Case 3407 (van der Linde et al., 2007) is a proposal to conserve the binomen Drosophila melanogaster. The combination is threatened by revision of the genus Drosophila. We agree that the binomen should be preserved and we agree that the genus is large and paraphyletic but we disagree with some of the qualifying arguments. We would prefer that the taxonomy of DROSOPHILIDAE be guided, not driven, by molecular biological data.
The application to set aside all previous type fixations for the genus DrosophilaFallén, 1823 and to instead fix Drosophila melanogaster (Meigen, 1830) as the type species should be rejected for several reasons:
The Commission is asked by van der Linde et al. (BZN 64: 238–242) to preserve the binomen Drosophila melanogaster Meigen, 1830. Some obvious points of the application should be stressed and some weak points reviewed.
1. Nomenclatural rules (the Code) regulate nomenclature, i.e. the rules govern how names are used to label recognized taxa formally at family, genus and species level in the Linnean and other systems.
We are writing in opposition to the van der Linde et al. proposal to set aside Drosophila funebris (Fabricius, 1787) as the type of the genus Drosophila Fallén, 1823 and replace it with Drosophila melanogaster Meigen, 1830. Van der Linde and colleagues’ case makes the argument that the paraphyletic nature of the genus Drosophila necessitates a nomenclatural change. This confuses classification, in this case phylogenetic classification, with nomenclature. It essentially asks the commission to rule in support of an unpublished classification without nomenclatural necessity.
We oppose the application to conserve the usage of Drosophila in the sense of melanogaster Meigen. This proposal seeks the endorsement by the Commission of a particular classification and classification paradigm, whereas the preamble of the Code asserts the freedom of taxonomic thought or action. While the stated purpose is the conservation of usage, the proposal in fact seeks to establish by that a new and as yet undefined concept of Drosophila. Today Drosophila is accepted as a large genus of flies, containing a number of species of importance to genetics.
The proposition of Van der Linde et al. (BZN 64: 238–242) to maintain the name of Drosophila melanogaster has two consequences. The first is the loss of the name ‘Sophophora’ through synonymy with Drosophila. The second is the loss of identity of the current genus Drosophila (s.s.). To justify their proposition Van der Linde et al. (BZN 64: 238–242) emphasized the role of D. melanogaster in science and weakened the taxonomical significance of Drosophila (s.l.) and Drosophila (s.s.) that they proposed to split. In my opinion their arguments are oversimplified or not justified.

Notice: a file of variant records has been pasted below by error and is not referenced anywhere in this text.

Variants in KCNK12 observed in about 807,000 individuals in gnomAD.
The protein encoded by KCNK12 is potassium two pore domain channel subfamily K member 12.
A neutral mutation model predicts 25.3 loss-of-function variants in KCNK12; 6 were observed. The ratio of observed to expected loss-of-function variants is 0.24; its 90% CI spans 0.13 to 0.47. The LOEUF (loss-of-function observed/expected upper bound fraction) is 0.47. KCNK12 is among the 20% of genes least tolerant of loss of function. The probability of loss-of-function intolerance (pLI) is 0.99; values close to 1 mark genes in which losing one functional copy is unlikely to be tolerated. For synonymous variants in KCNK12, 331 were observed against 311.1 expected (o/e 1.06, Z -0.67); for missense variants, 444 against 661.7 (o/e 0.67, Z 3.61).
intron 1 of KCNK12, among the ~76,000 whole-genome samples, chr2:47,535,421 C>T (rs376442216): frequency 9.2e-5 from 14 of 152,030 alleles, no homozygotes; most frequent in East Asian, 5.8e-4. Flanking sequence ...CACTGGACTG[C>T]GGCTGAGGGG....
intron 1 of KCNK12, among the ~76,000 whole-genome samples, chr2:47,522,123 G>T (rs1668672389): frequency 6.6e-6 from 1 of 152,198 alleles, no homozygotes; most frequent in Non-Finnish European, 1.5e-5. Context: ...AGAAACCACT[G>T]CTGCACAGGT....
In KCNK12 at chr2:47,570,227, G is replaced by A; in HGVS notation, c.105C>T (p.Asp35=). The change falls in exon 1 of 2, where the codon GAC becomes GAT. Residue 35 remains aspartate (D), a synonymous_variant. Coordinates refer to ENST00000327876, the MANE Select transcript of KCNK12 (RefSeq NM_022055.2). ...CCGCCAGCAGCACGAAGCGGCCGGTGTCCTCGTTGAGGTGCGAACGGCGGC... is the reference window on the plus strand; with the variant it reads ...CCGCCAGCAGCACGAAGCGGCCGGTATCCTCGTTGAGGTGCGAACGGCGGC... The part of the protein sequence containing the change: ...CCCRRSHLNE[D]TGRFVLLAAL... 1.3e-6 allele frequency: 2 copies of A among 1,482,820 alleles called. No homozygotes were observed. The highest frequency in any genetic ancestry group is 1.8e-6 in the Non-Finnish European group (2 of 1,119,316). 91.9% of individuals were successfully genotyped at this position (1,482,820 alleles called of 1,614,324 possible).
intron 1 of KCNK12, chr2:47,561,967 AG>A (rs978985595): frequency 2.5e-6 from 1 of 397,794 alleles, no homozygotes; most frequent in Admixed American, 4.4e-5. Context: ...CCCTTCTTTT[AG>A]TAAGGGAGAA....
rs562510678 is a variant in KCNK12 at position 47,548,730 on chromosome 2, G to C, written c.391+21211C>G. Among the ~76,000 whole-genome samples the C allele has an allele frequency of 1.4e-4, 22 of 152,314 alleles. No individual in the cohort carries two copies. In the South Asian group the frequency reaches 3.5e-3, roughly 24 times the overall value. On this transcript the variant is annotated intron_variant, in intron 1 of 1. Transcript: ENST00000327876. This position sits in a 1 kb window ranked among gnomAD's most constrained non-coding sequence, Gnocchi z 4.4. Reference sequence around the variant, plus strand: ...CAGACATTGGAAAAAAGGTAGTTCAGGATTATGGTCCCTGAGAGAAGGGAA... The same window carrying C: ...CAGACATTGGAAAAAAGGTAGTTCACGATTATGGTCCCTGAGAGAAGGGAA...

I tend to be conservative and believe that the Commission should not use its plenary powers every now and then to rescue junior names favoured by a mere handful of researchers, but I agree with Polaszek (BZN 65: 55) that if there be one binomen in zoological nomenclature that should be cast in concrete, it is Drosophila melanogaster Meigen, 1830.
I wish to express my strong support for the application. Drosophila melanogaster is one of the few names in zoology that are recognised as such within numerous biological disciplines, and it is one of the first names that every student of biology meets having entered the field. As such its preservation is a matter of importance far beyond the field of taxonomy. As the object of the Code of Nomenclature is to promote stability and universality, it is difficult to think of a case where a decision by the Commission would be more important.
In my opinion, if the Commission decides to support this application that would be against the rules of the Code and would create bad precedent.